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Medicare Funding Where Do Medicare Funds Come From?

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Medicare Part A Hospital Insurance Premium

Total Funds Allocated

Medicare taxes pay for your Part A Medicare hospital benefits.
Employers and employees pay these taxes.
Taxes you paid in the past provided benefits to others.

About 99 percent of Medicare beneficiaries do not pay a premium for Medicare Part A services since they have at least 40 quarters of Medicare-covered employment. However, some enrollees age 65 and over and certain persons with disabilities who have fewer than 30 quarters of coverage obtain Part A coverage by paying a monthly premium established according to a statutory formula.

This premium will be $441 for 2013. Individuals who have between 30 and 39 “quarters of coverage” may buy into Part A at a reduced monthly premium rate of $248 in 2012.

The Centers for Medicare and Medicaid Services allocates approximately $800 or more each month per Medicare recipient to pay Medicare benefits. The amount varies by geographic region on a yearly basis.

Medicare Part B Medical Insurance Premium

Not Enough Dollars

A Medicare Part B premium is withheld from your Social Security check each month. This pays for part of your Part B medical benefits.

The Medicare Part B premium for 2013 will be $104.90

If you have a higher income, your Part B premium will be higher and you will pay a Part D surcharge (see next two sections).

Medicare funds are not designed to cover all of your medical care costs. Additional medical expense coverage can be purchased to cover PART of your other medical care costs.

Medicare Part D Prescription Drug Plan Premium

You pay a Part D premium to your private insurance company for either a stand-alone Prescription Drug Plan or a portion of the premium for your Medicare Advantage plan with built-in Prescription Drug Plan. This benefit is also subsidized in part by Medicare and starting in 2011, higher income beneficiaries will pay a Part D surcharge in addition to their normal premium.

Medicare Part B and Part D Income-Related Premium for Higher-Income Beneficiaries

The 2012 Part B monthly premium rates and Part D surcharges to be paid by beneficiaries who file an individual tax return (including those who are single, head of household, qualifying widow(er) with dependent child, or married filing separately who lived apart from their spouse for the entire taxable year), or joint tax return are:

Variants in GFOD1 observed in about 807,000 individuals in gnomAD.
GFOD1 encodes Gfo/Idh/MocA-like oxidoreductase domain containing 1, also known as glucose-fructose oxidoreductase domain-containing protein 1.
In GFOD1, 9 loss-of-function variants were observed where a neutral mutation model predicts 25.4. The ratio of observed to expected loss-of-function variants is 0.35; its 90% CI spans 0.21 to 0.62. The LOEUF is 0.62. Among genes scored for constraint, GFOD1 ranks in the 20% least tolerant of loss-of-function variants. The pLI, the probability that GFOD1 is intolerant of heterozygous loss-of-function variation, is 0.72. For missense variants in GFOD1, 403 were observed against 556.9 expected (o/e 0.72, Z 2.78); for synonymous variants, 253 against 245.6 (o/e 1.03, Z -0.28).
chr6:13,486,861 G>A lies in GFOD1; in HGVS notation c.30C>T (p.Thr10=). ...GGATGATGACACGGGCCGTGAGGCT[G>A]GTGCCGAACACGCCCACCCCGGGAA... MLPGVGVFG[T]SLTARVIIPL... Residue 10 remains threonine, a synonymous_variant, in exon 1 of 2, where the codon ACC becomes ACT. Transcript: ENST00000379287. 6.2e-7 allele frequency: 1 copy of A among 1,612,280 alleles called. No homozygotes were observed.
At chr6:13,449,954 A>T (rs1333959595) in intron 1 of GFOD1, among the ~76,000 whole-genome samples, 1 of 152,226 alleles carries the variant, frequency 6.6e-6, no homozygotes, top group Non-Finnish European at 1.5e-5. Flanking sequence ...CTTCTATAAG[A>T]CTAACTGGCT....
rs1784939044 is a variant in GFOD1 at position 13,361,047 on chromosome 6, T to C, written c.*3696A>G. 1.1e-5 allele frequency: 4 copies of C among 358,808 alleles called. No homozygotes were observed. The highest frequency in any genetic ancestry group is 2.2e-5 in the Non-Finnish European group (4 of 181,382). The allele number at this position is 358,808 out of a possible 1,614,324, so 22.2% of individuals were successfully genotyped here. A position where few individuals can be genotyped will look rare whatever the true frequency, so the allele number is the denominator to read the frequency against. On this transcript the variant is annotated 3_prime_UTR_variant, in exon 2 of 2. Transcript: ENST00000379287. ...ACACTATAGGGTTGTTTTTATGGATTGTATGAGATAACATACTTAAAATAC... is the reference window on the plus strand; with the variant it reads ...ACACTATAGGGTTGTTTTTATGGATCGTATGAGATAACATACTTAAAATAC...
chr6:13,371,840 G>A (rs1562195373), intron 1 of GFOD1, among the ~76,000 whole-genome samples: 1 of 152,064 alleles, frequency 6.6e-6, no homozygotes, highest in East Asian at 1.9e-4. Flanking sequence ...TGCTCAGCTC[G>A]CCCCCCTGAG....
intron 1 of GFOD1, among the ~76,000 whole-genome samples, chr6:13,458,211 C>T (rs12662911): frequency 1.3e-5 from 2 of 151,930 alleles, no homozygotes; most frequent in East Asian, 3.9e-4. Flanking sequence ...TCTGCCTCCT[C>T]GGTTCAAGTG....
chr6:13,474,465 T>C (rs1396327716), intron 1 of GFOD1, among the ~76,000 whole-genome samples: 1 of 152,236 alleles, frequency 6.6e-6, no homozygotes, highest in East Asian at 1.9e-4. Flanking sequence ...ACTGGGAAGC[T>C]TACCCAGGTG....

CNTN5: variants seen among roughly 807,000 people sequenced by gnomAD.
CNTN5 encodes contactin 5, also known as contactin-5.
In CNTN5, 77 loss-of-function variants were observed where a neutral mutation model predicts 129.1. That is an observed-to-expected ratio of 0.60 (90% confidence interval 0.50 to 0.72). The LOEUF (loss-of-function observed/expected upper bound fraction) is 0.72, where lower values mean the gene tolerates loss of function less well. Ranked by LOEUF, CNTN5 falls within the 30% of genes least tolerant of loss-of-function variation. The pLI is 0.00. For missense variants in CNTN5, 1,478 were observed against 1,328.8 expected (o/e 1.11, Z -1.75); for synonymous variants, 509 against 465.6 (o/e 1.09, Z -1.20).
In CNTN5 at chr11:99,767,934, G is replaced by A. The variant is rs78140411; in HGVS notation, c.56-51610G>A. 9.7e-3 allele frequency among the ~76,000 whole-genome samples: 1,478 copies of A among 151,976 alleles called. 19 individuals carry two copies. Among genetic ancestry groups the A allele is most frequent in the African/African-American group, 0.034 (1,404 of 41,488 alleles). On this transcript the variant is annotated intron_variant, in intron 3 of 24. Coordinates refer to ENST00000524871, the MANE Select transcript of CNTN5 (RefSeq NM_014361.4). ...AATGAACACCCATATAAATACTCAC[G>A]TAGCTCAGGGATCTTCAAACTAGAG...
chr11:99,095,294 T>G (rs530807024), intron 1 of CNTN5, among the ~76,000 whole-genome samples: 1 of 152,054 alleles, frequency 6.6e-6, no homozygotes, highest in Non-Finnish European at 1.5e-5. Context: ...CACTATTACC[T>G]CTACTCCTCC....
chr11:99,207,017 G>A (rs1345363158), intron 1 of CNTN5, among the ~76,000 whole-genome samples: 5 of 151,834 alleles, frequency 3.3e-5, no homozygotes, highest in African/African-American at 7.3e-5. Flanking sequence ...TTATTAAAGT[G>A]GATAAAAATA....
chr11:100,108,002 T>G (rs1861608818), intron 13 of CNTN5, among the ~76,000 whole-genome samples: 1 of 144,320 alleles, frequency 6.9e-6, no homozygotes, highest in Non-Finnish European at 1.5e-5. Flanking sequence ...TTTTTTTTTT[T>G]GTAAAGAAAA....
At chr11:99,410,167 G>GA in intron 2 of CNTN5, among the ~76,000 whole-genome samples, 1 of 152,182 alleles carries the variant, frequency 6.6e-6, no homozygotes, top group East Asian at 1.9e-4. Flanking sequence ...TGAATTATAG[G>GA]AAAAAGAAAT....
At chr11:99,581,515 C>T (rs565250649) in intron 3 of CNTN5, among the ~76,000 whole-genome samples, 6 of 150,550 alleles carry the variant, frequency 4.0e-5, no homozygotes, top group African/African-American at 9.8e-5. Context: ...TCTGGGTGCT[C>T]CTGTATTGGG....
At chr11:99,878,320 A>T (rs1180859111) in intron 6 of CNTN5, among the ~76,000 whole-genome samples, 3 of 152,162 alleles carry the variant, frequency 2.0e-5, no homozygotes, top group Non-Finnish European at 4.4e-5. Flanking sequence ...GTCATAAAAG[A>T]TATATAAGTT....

Beneficiaries who file an individual tax return with income:

Beneficiaries who file a joint tax return with income:

Income-related monthly Part B adjustment amount

Total monthly Part B premium amount

Part D surcharge

Less than or equal to $85,000

Less than or equal to $170,000

$0.00

$104.90

$0.00

Greater than $85,000 and less than or equal to $107,000

Greater than $170,000 and less than or equal to $214,000

$40.00

$146.90

$11.60

Greater than $107,000 and less than or equal to $160,000

Greater than $214,000 and less than or equal to $320,000

$99.90

$209.80

$29.90

Greater than $160,000 and less than or equal to $214,000

Greater than $320,000 and less than or equal to $428,000

$159.80

$272.70

$48.10

Greater than $214,000

Greater than $428,000

$219.80

$335.70

$66.40

In addition, the monthly premium rates to be paid by beneficiaries who are married, but file a separate return from their spouse and lived with their spouse at some time during the taxable year are:

Beneficiaries who are married but file a separate tax return from their spouse:

Income-related monthly Part B adjustment amount

Total monthly Part B premium amount

Part D surcharge

Less than or equal to $85,000

$0.00

$0.00

$0.00

Greater than $85,000 and less than or equal to $129,000

$159.80

$259.70

$48.30

Greater than $129,000

$219.80

$319.70

$66.60

Government General Revenues

The Part B premium you pay covers approximately 1/4th the cost of providing Part B medical benefits. General revenues of the federal government provide for the balance of Part B benefits.